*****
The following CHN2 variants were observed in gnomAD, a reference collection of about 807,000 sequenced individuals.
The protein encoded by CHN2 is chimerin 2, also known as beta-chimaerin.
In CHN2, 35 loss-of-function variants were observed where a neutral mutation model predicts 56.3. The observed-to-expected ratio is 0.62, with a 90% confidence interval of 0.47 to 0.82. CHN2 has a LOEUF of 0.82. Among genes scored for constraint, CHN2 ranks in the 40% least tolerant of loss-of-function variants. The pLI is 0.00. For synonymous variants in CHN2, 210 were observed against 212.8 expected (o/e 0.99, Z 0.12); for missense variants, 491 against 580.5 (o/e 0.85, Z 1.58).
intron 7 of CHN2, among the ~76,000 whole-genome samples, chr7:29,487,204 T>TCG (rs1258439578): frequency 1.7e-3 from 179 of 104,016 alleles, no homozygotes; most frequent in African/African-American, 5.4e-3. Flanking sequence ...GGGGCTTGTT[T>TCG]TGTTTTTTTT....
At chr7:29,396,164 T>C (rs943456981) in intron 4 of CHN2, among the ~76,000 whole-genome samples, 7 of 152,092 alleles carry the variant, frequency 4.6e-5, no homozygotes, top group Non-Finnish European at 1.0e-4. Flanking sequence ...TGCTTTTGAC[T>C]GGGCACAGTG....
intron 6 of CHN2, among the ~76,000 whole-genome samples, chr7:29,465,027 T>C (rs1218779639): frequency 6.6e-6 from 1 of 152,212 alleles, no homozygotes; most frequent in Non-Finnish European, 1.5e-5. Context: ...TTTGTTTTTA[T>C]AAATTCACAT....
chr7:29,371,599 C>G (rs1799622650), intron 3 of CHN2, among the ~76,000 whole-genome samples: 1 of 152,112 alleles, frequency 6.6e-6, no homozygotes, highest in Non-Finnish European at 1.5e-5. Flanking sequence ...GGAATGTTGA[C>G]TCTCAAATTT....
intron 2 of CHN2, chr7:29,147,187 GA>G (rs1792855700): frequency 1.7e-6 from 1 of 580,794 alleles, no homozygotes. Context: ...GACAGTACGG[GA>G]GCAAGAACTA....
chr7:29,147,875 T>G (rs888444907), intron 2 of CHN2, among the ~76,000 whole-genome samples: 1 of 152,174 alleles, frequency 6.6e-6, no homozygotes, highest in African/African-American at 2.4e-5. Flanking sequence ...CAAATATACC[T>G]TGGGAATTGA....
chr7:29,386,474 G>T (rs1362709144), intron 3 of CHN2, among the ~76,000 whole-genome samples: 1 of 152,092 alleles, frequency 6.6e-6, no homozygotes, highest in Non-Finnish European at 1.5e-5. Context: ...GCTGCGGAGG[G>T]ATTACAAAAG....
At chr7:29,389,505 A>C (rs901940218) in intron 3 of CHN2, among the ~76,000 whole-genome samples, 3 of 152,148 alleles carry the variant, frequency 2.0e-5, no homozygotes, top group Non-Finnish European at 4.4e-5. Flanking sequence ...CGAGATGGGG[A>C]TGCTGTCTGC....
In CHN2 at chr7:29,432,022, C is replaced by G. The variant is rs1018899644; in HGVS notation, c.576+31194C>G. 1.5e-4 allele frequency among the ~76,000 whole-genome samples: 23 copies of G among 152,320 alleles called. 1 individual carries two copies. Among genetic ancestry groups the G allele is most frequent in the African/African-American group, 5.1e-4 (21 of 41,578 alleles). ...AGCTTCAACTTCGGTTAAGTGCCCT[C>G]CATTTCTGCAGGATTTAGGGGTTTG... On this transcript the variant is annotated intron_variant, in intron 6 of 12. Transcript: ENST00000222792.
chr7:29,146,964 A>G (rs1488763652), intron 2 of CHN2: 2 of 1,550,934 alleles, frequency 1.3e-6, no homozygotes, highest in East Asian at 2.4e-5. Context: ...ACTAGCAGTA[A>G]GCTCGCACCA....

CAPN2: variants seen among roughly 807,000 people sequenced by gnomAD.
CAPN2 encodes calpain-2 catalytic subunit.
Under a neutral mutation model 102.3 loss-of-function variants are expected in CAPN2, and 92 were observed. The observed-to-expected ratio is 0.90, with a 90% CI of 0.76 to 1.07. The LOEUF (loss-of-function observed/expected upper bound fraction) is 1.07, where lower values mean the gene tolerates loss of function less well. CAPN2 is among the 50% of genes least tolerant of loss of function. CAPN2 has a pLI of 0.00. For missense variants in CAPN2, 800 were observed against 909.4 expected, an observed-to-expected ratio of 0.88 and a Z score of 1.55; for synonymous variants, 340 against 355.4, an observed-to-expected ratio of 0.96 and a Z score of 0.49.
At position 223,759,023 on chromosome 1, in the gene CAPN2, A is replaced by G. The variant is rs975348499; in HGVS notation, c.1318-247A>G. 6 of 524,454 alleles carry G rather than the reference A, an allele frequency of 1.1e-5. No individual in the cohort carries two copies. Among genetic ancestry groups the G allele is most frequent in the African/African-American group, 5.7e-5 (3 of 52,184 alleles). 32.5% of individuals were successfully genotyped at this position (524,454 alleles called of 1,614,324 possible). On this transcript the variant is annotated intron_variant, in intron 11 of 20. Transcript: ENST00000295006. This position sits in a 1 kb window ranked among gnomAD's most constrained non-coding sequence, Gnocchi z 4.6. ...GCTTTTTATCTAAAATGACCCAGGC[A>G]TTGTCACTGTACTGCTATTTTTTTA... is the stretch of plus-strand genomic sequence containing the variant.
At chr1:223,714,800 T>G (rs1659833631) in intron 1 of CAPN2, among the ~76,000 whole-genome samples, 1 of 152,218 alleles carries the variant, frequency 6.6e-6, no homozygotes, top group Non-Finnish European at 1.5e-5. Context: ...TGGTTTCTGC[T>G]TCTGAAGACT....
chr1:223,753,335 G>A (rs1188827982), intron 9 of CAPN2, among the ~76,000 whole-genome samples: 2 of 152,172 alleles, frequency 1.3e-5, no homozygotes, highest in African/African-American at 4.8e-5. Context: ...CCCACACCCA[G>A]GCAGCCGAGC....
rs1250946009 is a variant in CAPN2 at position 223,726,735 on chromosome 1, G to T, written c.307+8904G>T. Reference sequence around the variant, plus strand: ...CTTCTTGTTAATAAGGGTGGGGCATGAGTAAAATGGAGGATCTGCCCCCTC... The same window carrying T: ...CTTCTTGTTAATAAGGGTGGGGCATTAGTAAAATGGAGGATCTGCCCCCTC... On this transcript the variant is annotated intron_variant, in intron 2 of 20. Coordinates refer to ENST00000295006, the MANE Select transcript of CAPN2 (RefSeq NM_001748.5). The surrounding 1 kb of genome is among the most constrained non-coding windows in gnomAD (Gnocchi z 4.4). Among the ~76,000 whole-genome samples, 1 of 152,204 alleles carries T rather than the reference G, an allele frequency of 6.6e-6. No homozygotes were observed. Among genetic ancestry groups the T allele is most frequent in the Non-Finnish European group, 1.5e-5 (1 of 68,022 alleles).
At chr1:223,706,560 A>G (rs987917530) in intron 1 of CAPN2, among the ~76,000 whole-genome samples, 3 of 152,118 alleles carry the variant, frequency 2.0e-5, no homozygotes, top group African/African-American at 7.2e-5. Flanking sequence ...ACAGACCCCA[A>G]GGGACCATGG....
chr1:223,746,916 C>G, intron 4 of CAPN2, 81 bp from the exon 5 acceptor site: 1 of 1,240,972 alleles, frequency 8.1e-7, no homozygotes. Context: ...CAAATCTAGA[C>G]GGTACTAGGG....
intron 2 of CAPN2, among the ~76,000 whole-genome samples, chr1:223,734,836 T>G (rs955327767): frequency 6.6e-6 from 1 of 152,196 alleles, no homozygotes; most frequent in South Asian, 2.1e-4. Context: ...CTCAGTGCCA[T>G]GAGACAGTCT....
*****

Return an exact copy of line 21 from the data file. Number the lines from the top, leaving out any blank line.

At chr1:223,706,560 A>G (rs987917530) in intron 1 of CAPN2, among the ~76,000 whole-genome samples, 3 of 152,118 alleles carry the variant, frequency 2.0e-5, no homozygotes, top group African/African-American at 7.2e-5. Flanking sequence ...ACAGACCCCA[A>G]GGGACCATGG....